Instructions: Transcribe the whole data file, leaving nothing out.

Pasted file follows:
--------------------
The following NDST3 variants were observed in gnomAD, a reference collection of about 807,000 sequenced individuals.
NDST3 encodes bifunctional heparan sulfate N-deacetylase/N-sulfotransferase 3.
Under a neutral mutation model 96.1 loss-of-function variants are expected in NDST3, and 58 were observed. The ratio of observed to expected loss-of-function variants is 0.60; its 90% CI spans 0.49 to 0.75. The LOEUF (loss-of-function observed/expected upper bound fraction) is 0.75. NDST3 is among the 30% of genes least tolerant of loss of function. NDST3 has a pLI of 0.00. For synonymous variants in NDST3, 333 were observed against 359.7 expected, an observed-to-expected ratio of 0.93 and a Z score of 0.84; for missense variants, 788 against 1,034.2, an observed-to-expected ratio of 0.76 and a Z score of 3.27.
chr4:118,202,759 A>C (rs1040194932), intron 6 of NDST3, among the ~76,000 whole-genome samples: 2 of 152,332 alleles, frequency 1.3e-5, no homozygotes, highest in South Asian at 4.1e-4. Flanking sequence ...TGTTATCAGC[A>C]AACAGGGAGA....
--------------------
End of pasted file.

The following NDST3 variants were observed in gnomAD, a reference collection of about 807,000 sequenced individuals.
NDST3 encodes bifunctional heparan sulfate N-deacetylase/N-sulfotransferase 3.
Under a neutral mutation model 96.1 loss-of-function variants are expected in NDST3, and 58 were observed. The ratio of observed to expected loss-of-function variants is 0.60; its 90% CI spans 0.49 to 0.75. The LOEUF (loss-of-function observed/expected upper bound fraction) is 0.75. NDST3 is among the 30% of genes least tolerant of loss of function. NDST3 has a pLI of 0.00. For synonymous variants in NDST3, 333 were observed against 359.7 expected, an observed-to-expected ratio of 0.93 and a Z score of 0.84; for missense variants, 788 against 1,034.2, an observed-to-expected ratio of 0.76 and a Z score of 3.27.
chr4:118,202,759 A>C (rs1040194932), intron 6 of NDST3, among the ~76,000 whole-genome samples: 2 of 152,332 alleles, frequency 1.3e-5, no homozygotes, highest in South Asian at 4.1e-4. Flanking sequence ...TGTTATCAGC[A>C]AACAGGGAGA....